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Memorial Day Massacre

Today’s entry is written by Rachel Schimke, an archives assistant at the Tamiment Library and Robert F. Wagner Labor Archives.

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Republic Steel mill (undated), The Daily Worker and The Daily World Photographs Collection: PHOTOS 223, box 164; folder 23236, Tamiment Library & Robert F. Wagner Labor Archives, New York University.

On March 2, 1937, United States Steel signed a contract with the Steel Workers Organizing Committee (SWOC). SWOC, which would become the United Steel Workers of America (USW) in 1942, was an affiliate of the Committee for Industrial Organization, the precursor to the Congress of Industrial Organizations. U.S. Steel, founded in 1901 by J.P. Morgan and Elbert H. Gary, was at one time the largest steel producer in the nation, and the company’s acquiescence to collective bargaining shocked many of the steel industry’s leaders.Following suit, thirty steel companies of various sizes also agreed to collective bargaining in the weeks after the U.S. Steel contract was announced.

However, not all major steel companies signed with SWOC. One such company was Republic Steel, based in Chicago.The company and others of its size were known as “Little Steel” companies, though they were in fact large operations that were small only in comparison to giants like U.S. Steel. SWOC called for a strike against four of the Little Steel companies, including Republic Steel.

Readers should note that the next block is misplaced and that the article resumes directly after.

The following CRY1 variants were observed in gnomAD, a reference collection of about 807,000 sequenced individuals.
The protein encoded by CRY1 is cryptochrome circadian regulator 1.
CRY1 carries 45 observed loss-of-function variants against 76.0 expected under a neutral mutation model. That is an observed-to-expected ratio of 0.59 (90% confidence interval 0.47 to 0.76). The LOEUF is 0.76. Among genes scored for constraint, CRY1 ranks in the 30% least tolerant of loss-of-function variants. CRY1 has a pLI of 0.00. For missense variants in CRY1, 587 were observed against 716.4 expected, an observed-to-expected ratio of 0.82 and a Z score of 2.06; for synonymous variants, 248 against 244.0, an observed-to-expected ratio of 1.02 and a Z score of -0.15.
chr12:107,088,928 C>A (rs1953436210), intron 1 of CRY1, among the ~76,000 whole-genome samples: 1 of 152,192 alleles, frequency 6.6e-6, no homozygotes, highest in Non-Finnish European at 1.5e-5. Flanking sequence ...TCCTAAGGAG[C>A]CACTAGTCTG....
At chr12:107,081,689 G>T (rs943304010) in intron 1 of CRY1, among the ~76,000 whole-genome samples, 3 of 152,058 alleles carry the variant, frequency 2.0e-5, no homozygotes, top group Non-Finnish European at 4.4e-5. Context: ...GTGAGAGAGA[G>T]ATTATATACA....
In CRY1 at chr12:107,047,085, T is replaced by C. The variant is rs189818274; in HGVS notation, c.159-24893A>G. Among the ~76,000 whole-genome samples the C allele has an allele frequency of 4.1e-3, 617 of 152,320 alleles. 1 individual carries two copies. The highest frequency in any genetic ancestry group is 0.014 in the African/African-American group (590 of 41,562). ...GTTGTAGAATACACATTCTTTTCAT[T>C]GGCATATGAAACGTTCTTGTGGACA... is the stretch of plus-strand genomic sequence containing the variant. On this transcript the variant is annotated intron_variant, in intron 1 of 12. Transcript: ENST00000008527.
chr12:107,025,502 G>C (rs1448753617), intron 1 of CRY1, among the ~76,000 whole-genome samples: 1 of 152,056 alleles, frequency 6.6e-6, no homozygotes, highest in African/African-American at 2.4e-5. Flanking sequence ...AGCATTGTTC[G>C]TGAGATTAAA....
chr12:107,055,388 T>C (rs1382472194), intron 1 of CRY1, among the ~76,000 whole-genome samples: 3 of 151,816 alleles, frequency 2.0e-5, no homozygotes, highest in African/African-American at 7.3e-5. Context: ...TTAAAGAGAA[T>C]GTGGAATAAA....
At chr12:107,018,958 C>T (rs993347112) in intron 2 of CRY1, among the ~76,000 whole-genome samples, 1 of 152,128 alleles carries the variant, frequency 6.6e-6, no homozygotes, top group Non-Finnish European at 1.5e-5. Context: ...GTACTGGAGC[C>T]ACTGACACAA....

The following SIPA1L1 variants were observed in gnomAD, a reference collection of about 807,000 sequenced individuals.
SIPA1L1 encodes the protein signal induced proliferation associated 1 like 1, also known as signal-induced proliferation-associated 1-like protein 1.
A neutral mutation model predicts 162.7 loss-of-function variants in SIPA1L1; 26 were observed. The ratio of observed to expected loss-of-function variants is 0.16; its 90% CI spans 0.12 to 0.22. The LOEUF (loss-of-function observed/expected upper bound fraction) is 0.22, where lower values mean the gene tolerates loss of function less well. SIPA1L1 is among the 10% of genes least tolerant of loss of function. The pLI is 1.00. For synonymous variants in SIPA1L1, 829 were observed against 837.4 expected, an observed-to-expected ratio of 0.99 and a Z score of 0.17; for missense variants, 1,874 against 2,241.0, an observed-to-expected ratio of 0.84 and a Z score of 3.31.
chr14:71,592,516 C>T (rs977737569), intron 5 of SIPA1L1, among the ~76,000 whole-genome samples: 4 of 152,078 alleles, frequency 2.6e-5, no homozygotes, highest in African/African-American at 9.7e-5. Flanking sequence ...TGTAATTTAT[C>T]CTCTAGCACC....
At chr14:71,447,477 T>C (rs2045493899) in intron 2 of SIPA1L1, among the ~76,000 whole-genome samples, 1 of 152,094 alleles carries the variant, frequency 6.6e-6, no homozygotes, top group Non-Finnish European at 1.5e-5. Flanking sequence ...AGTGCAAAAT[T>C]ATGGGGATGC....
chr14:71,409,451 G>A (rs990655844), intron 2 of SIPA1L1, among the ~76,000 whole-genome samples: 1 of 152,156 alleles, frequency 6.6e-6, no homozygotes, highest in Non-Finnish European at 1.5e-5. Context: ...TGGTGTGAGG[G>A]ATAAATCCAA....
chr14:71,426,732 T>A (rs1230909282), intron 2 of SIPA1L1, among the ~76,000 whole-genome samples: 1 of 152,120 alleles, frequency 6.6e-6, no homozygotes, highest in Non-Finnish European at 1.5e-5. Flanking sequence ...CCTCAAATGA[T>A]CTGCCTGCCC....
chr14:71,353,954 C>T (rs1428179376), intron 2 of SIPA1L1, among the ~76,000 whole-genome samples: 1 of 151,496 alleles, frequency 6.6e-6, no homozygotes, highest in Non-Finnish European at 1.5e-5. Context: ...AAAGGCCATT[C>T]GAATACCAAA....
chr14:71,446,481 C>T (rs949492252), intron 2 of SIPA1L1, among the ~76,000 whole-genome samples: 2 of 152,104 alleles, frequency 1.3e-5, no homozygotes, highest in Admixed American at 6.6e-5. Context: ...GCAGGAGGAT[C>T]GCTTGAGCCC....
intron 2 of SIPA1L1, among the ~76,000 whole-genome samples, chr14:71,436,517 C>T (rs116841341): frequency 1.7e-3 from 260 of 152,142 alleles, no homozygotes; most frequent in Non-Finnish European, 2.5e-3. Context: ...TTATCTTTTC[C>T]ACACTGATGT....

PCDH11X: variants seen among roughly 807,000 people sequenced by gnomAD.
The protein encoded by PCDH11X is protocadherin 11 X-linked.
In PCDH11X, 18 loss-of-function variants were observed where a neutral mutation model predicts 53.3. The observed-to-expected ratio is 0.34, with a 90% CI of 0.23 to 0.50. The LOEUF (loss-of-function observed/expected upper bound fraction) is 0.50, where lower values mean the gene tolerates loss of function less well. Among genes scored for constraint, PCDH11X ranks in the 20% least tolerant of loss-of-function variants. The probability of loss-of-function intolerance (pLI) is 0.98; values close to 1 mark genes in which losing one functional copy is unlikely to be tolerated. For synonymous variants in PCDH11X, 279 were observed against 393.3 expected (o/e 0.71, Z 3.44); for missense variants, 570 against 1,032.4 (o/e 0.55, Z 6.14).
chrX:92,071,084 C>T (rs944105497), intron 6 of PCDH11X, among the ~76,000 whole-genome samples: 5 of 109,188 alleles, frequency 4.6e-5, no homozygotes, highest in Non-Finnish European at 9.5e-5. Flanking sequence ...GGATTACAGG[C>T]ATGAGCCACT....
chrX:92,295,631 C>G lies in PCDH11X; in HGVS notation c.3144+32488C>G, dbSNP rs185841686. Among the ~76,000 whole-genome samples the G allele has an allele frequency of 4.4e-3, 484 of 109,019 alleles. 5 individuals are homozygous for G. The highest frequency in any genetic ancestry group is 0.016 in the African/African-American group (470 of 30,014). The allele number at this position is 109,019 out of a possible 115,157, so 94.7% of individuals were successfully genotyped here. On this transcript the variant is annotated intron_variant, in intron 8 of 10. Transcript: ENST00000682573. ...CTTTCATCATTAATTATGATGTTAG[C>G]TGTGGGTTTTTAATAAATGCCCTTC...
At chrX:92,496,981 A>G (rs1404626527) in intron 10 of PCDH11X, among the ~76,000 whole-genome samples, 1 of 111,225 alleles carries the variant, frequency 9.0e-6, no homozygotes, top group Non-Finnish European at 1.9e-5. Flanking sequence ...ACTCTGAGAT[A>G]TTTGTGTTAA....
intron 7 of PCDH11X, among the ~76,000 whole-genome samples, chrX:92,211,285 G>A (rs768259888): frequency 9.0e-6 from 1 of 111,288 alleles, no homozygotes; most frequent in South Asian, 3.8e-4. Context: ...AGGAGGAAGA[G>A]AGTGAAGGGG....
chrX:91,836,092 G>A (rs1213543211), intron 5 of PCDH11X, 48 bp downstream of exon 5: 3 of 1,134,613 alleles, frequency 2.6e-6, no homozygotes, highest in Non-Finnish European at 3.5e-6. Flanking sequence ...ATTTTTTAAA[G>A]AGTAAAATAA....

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Memorial Day Massacre (30 May 1937), The Daily Worker and The Daily World Photographs Collection: PHOTOS 223, box 164; folder 23236, Tamiment Library & Robert F. Wagner Labor Archives, New York University.

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Memorial Day Massacre (30 May 1937), The Daily Worker and The Daily World Photographs Collection: PHOTOS 223, box 164; folder 23236, Tamiment Library & Robert F. Wagner Labor Archives, New York University.

May 30, 1937 was Memorial Day. SWOC members gathered at the strike’s headquarters, a former tavern called Sam’s Place. Union members then marched down Green Bay Avenue from Sam’s Place and continued marching across a prairie toward the Republic Steel mill, where they met a line of policemen from the Chicago Police Department. The protesters argued their right to proceed, but the policemen continued to block the march. In the ensuing face off, police fired on the demonstrators, killing ten. An additional thirty demonstrators received gunshot wounds and dozens more suffered other injuries. Images from the Tamiment Library and Wagner Labor Archives’ Daily Worker and The Daily World photographs and negatives collections document the event, as well as the memorial services held by the United Steel Workers of America in the ensuing decades.

The Little Steel strike ended in defeat in July 1937, with SWOC calling upon its members to return to work. Victory was not achieved until 1942, when the Supreme Court upheld a National Labor Relations Board ruling that forced Little Steel companies to allow collective bargaining.

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